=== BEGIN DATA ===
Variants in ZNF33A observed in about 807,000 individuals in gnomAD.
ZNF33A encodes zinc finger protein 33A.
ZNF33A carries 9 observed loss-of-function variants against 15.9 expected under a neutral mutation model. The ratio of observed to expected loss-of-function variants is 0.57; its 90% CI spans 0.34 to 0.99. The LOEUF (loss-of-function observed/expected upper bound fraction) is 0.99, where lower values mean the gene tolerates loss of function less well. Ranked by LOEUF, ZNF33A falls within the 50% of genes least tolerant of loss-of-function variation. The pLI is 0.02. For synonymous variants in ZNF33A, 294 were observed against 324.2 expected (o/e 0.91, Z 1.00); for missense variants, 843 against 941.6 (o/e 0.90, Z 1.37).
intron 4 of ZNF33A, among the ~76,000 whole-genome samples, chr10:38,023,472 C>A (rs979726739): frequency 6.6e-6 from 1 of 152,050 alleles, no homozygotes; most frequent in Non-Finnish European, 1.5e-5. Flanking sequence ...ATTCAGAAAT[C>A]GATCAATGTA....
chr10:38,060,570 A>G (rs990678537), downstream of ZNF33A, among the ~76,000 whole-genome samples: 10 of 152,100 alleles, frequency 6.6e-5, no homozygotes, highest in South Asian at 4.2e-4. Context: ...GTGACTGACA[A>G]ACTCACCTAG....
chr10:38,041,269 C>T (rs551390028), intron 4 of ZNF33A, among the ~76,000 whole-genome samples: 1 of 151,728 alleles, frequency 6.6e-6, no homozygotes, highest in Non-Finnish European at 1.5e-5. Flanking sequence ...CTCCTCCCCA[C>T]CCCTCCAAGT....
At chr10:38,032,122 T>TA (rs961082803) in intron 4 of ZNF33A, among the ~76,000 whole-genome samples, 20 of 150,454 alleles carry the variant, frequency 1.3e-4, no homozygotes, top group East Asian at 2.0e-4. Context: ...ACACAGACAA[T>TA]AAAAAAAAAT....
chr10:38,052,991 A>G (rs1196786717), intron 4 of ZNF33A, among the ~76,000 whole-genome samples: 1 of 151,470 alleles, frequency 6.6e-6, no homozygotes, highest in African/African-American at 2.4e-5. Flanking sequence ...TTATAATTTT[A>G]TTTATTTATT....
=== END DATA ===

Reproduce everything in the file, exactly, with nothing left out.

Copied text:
Variants in ZNF33A observed in about 807,000 individuals in gnomAD.
ZNF33A encodes zinc finger protein 33A.
ZNF33A carries 9 observed loss-of-function variants against 15.9 expected under a neutral mutation model. The ratio of observed to expected loss-of-function variants is 0.57; its 90% CI spans 0.34 to 0.99. The LOEUF (loss-of-function observed/expected upper bound fraction) is 0.99, where lower values mean the gene tolerates loss of function less well. Ranked by LOEUF, ZNF33A falls within the 50% of genes least tolerant of loss-of-function variation. The pLI is 0.02. For synonymous variants in ZNF33A, 294 were observed against 324.2 expected (o/e 0.91, Z 1.00); for missense variants, 843 against 941.6 (o/e 0.90, Z 1.37).
intron 4 of ZNF33A, among the ~76,000 whole-genome samples, chr10:38,023,472 C>A (rs979726739): frequency 6.6e-6 from 1 of 152,050 alleles, no homozygotes; most frequent in Non-Finnish European, 1.5e-5. Flanking sequence ...ATTCAGAAAT[C>A]GATCAATGTA....
chr10:38,060,570 A>G (rs990678537), downstream of ZNF33A, among the ~76,000 whole-genome samples: 10 of 152,100 alleles, frequency 6.6e-5, no homozygotes, highest in South Asian at 4.2e-4. Context: ...GTGACTGACA[A>G]ACTCACCTAG....
chr10:38,041,269 C>T (rs551390028), intron 4 of ZNF33A, among the ~76,000 whole-genome samples: 1 of 151,728 alleles, frequency 6.6e-6, no homozygotes, highest in Non-Finnish European at 1.5e-5. Flanking sequence ...CTCCTCCCCA[C>T]CCCTCCAAGT....
At chr10:38,032,122 T>TA (rs961082803) in intron 4 of ZNF33A, among the ~76,000 whole-genome samples, 20 of 150,454 alleles carry the variant, frequency 1.3e-4, no homozygotes, top group East Asian at 2.0e-4. Context: ...ACACAGACAA[T>TA]AAAAAAAAAT....
chr10:38,052,991 A>G (rs1196786717), intron 4 of ZNF33A, among the ~76,000 whole-genome samples: 1 of 151,470 alleles, frequency 6.6e-6, no homozygotes, highest in African/African-American at 2.4e-5. Flanking sequence ...TTATAATTTT[A>G]TTTATTTATT....